\(x'|x \sim Unif(x - w, x + w)\)

**Step 2: Decide whether or not to go there**

We have to calculate the acceptance probability (the probability of accepting \(x'\)).

If the unnormalized posterior plausibility of the proposed location \(x'\) is greather than that of the current location \(x\) (i.e. \(f(x')L(x'|y) > f(x)L(x|y)\)), *definitely* go to \(x'\).

Otherwise, *maybe* go to \(x'\). This feature (maybe moving even if the proposed location is less likely than the current location) prevents the chain from getting stuck.

We can define the acceptance probability as:

\[\alpha = min\{1, \frac{f(x')L(x'|y)}{f(x)L(x|y)} \frac{q(x|x')}{q(x'|x)}\}\]

If we use a symmetric proposal model (like the Uniform distribution), then this simplifies to:

\[\alpha = min\{1, \frac{f(x')L(x'|y)}{f(x)L(x|y)}\}\]

This can further simplify to:

\[\alpha = min\{1, \frac{f(x'|y)}{f(x|y)}\}\]

Given this, in scenario 1, if \(f(x'|y) \ge f(x|y)\), then $alpha = 1 $, and we will definitely move to \(x'\)

Otherwise, if \(\alpha = \frac{f(x'|y)}{f(x|y)} \lt 1\), then we might move there with probability \(\alpha\)

Imagine we have a Normal-Normal model such that:

\(Y|\mu \sim N(\mu, 0.75^2)\)

\(\mu \sim N(0, 1^2)\)

i.e. Y is a numerical outcome that varies normally around \(\mu\) with standard deviation 0.75

Then imagine we observe an outcome Y = 6.25. Given this, and the above, we can calculate the posterior model as:

\(\mu | (Y = 6.25) \sim N(4, 0.6^2)\)

We can run through one iteration of the Metropolis-Hastings algorithm with the following, where `w`

is the bandwidth of our Uniform proposal model and `current`

is the current value on the chain:

```
function one_mh_iter(w, current)
= Float64(current)
c = Uniform(current - w, current + w)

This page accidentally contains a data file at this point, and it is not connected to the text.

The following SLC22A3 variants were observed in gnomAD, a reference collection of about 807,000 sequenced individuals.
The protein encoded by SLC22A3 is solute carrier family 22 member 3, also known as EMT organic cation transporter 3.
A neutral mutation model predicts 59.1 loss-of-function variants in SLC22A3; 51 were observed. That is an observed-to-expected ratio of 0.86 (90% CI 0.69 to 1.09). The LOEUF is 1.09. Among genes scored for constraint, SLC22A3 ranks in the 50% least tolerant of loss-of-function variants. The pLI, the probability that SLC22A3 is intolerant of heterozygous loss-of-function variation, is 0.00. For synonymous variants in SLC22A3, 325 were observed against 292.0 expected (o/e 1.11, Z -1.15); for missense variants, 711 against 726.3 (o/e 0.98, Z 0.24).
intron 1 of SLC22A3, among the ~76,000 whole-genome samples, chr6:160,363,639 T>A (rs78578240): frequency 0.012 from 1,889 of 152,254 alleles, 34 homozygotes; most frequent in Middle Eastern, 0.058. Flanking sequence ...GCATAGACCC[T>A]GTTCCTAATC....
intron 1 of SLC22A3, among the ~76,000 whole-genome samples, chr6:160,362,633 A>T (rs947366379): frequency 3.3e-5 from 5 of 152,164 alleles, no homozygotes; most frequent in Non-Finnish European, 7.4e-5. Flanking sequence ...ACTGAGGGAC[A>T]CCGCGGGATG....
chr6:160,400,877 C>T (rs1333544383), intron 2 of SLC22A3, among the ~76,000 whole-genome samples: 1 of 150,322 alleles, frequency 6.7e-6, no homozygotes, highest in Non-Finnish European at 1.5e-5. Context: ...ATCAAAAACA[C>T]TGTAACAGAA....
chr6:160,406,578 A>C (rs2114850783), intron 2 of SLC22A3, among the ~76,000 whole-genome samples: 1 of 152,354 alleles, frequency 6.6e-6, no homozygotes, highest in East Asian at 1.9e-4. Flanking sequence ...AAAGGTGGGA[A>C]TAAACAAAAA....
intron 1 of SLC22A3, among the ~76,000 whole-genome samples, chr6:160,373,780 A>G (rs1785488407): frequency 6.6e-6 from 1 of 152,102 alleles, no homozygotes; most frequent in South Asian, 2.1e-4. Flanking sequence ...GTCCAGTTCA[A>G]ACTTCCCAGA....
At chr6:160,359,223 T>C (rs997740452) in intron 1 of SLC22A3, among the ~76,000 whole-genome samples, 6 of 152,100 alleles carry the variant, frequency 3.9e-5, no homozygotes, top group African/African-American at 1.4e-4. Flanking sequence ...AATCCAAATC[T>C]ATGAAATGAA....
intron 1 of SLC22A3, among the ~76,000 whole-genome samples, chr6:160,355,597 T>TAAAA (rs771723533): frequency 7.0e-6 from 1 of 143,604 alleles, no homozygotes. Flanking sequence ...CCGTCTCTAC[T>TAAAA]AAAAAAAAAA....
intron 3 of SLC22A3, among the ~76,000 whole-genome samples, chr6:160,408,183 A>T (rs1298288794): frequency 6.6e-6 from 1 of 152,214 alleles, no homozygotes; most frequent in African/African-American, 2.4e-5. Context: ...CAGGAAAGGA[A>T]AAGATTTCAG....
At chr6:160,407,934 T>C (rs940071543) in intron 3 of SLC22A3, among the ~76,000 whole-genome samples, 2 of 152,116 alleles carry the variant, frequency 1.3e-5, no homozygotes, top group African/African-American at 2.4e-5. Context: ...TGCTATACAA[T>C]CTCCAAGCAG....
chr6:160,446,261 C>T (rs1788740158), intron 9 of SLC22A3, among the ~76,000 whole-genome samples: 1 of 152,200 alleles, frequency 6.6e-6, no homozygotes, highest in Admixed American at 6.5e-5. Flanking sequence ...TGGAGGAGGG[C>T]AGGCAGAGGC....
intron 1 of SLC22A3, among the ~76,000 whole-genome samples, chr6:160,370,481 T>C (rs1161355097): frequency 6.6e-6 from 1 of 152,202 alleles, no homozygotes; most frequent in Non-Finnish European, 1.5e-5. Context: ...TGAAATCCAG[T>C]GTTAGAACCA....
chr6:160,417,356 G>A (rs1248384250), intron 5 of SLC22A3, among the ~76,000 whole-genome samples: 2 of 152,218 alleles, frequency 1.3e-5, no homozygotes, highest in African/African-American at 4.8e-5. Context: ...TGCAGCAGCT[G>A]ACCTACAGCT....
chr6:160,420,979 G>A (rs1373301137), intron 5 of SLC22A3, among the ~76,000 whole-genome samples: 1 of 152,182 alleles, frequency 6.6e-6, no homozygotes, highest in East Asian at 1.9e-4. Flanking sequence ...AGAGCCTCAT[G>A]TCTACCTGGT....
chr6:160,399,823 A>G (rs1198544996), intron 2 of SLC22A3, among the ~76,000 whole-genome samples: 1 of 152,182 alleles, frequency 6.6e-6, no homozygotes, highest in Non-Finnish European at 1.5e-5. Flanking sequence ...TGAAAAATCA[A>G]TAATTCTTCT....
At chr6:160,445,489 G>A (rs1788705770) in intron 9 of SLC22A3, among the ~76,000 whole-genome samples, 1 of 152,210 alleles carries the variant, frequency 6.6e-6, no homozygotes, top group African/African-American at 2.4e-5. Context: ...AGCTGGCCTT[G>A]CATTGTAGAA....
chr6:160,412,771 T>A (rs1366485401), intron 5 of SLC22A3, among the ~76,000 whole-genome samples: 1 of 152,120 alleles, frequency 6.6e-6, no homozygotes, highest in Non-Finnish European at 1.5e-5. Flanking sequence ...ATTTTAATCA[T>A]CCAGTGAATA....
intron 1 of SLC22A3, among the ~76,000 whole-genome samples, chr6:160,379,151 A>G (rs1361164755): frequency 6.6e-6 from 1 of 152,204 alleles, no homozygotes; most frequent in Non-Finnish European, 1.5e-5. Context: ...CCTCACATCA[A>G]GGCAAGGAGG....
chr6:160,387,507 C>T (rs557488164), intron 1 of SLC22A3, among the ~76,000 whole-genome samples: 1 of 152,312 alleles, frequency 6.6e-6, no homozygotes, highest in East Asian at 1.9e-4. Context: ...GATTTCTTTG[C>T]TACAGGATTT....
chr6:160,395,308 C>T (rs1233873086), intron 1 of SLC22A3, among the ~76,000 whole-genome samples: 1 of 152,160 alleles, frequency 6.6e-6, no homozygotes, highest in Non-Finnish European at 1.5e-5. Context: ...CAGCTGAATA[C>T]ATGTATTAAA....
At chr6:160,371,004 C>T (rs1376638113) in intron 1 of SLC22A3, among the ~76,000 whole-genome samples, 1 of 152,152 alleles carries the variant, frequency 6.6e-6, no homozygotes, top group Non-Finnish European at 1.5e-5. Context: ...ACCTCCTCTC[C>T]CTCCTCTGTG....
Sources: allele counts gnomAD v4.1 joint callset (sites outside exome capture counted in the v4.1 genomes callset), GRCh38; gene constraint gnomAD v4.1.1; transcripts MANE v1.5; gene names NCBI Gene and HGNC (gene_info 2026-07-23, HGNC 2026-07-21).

u = rand(u, 1)[1]
proposal
#proposal_plaus = prior * likelihood
= pdf(Normal(0, 1), proposal) * pdf(Normal(proposal, 0.75), 6.25)
proposal_plaus
#current_plaus = prior * likelihood
= pdf(Normal(0, 1), current) * pdf(Normal(current, 0.75), 6.25)
current_plaus
= minimum([1, proposal_plaus / current_plaus])
α
= sample([proposal, c], Weights([α, 1 - α]), 1)[1]
next
return next
end
```

`one_mh_iter (generic function with 1 method)`

`= one_mh_iter(1, 4) res `

`4.0`

And then from there, we can use the logic in the `one_mh_iter`

function to take a “tour” and create an entire chain, which will be our simulated distribution.

```
function mh_tour(w, current, N::Int)
= Vector{Float64}(undef, N)
μ
for i ∈ eachindex(μ)
= one_mh_iter(w, current)
r = r
μ[i] = r
current end
return μ
end
```

`mh_tour (generic function with 1 method)`

`= mh_tour(1, 4, 10_000) res `

```
10000-element Vector{Float64}:
4.0
4.106609027850608
4.235886932047645
3.310894252707528
4.034179768273493
4.512960695766677
4.512960695766677
4.349575562580946
4.101991567803039
3.460601626178285
3.633816936072791
4.30401065365775
3.401923900064334
⋮
3.934350716176937
3.934350716176937
3.66719175153303
3.9773404547954994
3.7463512503491367
4.521828790801184
4.521828790801184
4.492908196169627
3.8668258667074396
3.8668258667074396
3.8668258667074396
3.8668258667074396
```

and we can look at the trace plot and the histogram to see the distribution we’ve simulated:

```
= plot(res, label="");
p1 = histogram(res);
p2
plot(p1, p2, layout=@layout([a b]))
```

And now let’s check out work – we should get approximately \(\mu = 4\) and \(\sigma = 0.6\)

`mean(res), std(res)] [`

```
2-element Vector{Float64}:
3.974150267286955
0.6134780589942376
```

Metropolis-Hastings is the fundamental MCMC algorithm, but it’s often not the one used in applications today. Other algorithms, such as the Gibbs algorithm or the Hamiltonian Monte Carlo (HMC) algorithm are more common, with HMC being the algorithm used by the `{rstan}`

package.